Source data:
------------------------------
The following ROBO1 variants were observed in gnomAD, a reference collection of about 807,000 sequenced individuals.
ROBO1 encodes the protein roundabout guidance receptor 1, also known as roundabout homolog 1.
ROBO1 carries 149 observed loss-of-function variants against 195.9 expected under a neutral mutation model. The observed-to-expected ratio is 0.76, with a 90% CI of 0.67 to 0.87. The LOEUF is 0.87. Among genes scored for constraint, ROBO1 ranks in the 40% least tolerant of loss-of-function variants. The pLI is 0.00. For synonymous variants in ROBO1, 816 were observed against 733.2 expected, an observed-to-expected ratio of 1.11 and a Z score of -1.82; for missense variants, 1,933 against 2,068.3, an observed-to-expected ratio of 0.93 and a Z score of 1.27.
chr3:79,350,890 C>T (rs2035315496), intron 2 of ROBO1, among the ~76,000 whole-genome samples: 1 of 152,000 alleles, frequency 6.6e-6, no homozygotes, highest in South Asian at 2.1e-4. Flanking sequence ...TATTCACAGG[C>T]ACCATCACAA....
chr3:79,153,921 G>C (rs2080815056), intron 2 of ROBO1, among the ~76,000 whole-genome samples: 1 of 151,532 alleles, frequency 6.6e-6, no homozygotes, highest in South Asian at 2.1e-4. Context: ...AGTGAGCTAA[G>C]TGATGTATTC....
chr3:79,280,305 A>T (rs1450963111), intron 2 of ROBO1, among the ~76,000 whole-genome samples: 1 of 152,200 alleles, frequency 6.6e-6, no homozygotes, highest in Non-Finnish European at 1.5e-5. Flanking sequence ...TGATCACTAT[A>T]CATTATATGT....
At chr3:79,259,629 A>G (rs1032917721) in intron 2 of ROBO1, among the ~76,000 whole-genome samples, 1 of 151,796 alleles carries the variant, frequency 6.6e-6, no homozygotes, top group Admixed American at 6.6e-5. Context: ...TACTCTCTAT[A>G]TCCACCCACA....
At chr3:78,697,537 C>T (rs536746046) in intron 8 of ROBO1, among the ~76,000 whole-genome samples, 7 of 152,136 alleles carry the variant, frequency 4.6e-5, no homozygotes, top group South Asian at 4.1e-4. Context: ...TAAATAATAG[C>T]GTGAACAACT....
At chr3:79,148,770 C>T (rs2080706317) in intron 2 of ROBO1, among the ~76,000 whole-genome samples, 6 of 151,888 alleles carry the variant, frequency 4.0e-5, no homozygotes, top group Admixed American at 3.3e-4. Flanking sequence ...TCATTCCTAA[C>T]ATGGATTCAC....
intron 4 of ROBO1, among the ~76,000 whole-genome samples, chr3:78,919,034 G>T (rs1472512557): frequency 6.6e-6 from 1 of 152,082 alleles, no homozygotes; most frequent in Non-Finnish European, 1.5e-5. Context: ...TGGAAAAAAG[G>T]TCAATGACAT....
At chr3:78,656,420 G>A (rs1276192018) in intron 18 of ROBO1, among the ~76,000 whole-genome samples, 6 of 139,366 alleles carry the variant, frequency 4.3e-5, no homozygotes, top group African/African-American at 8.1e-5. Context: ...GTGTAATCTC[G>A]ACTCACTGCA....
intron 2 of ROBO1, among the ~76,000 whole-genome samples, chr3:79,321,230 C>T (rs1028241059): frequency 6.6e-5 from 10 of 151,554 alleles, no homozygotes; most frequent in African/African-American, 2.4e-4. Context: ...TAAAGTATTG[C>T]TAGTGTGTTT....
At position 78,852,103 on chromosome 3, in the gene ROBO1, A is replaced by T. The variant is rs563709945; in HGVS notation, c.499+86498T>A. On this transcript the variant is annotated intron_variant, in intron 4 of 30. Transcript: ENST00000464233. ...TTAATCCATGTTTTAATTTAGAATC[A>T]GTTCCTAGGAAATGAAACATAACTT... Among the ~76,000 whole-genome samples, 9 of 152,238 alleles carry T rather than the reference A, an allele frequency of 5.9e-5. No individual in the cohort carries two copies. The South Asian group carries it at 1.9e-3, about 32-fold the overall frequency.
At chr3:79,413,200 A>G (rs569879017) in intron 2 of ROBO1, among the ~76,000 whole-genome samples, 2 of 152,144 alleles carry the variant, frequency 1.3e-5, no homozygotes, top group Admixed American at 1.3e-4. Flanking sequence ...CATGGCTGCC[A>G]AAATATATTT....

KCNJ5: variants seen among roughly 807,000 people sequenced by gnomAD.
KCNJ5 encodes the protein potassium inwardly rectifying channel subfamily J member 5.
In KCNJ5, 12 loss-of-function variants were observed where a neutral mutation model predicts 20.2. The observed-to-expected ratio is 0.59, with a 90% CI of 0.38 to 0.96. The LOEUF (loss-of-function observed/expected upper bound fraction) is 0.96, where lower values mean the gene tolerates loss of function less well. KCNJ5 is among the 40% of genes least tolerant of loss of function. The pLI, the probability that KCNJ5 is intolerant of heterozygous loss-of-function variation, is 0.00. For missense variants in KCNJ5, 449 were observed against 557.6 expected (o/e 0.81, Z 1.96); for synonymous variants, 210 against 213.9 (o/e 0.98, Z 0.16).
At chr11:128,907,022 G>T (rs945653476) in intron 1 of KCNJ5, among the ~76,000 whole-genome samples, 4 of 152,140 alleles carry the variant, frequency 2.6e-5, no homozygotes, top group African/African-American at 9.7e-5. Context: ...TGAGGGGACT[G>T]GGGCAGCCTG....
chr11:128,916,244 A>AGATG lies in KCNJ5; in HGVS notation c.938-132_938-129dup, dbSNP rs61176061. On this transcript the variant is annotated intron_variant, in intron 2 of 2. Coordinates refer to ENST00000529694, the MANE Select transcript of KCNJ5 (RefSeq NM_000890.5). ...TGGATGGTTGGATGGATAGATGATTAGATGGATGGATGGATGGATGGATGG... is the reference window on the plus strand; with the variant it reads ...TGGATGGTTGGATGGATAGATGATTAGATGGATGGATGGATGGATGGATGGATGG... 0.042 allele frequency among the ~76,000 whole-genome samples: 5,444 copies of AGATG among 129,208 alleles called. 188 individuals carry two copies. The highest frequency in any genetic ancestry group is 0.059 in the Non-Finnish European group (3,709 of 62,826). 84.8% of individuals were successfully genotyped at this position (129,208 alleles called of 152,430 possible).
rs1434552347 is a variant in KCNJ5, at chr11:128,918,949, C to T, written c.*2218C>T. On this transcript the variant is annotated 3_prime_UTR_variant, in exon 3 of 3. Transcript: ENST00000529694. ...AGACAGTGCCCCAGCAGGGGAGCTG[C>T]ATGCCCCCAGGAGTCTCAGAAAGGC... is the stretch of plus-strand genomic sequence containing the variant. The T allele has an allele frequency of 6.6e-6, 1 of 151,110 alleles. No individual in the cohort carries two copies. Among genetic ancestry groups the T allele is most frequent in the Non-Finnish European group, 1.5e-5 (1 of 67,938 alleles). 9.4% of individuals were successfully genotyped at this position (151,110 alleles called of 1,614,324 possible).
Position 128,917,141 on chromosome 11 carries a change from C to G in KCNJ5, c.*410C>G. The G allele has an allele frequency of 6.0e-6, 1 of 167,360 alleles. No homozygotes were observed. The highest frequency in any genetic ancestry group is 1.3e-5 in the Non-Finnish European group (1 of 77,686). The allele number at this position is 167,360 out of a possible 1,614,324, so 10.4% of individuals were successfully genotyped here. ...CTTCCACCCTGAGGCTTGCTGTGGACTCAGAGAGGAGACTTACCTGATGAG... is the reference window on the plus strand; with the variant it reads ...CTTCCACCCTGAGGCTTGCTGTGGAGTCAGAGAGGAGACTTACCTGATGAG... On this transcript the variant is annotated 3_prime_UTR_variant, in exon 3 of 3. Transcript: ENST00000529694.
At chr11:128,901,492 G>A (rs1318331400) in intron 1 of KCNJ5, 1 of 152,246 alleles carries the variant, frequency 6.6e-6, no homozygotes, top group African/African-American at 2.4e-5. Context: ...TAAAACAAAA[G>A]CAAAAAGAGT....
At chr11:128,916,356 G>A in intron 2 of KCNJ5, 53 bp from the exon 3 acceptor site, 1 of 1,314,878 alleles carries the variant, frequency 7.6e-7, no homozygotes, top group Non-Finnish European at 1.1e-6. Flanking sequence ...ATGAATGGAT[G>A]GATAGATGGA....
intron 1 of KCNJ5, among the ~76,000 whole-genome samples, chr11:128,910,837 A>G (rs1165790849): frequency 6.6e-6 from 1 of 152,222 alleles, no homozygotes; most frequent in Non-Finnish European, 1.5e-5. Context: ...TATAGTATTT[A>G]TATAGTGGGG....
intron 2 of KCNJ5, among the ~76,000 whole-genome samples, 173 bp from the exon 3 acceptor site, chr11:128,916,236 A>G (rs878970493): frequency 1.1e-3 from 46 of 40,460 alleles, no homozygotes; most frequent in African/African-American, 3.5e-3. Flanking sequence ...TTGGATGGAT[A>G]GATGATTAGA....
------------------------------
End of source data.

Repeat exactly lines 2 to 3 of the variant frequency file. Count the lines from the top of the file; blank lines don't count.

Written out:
ROBO1 encodes the protein roundabout guidance receptor 1, also known as roundabout homolog 1.
ROBO1 carries 149 observed loss-of-function variants against 195.9 expected under a neutral mutation model. The observed-to-expected ratio is 0.76, with a 90% CI of 0.67 to 0.87. The LOEUF is 0.87. Among genes scored for constraint, ROBO1 ranks in the 40% least tolerant of loss-of-function variants. The pLI is 0.00. For synonymous variants in ROBO1, 816 were observed against 733.2 expected, an observed-to-expected ratio of 1.11 and a Z score of -1.82; for missense variants, 1,933 against 2,068.3, an observed-to-expected ratio of 0.93 and a Z score of 1.27.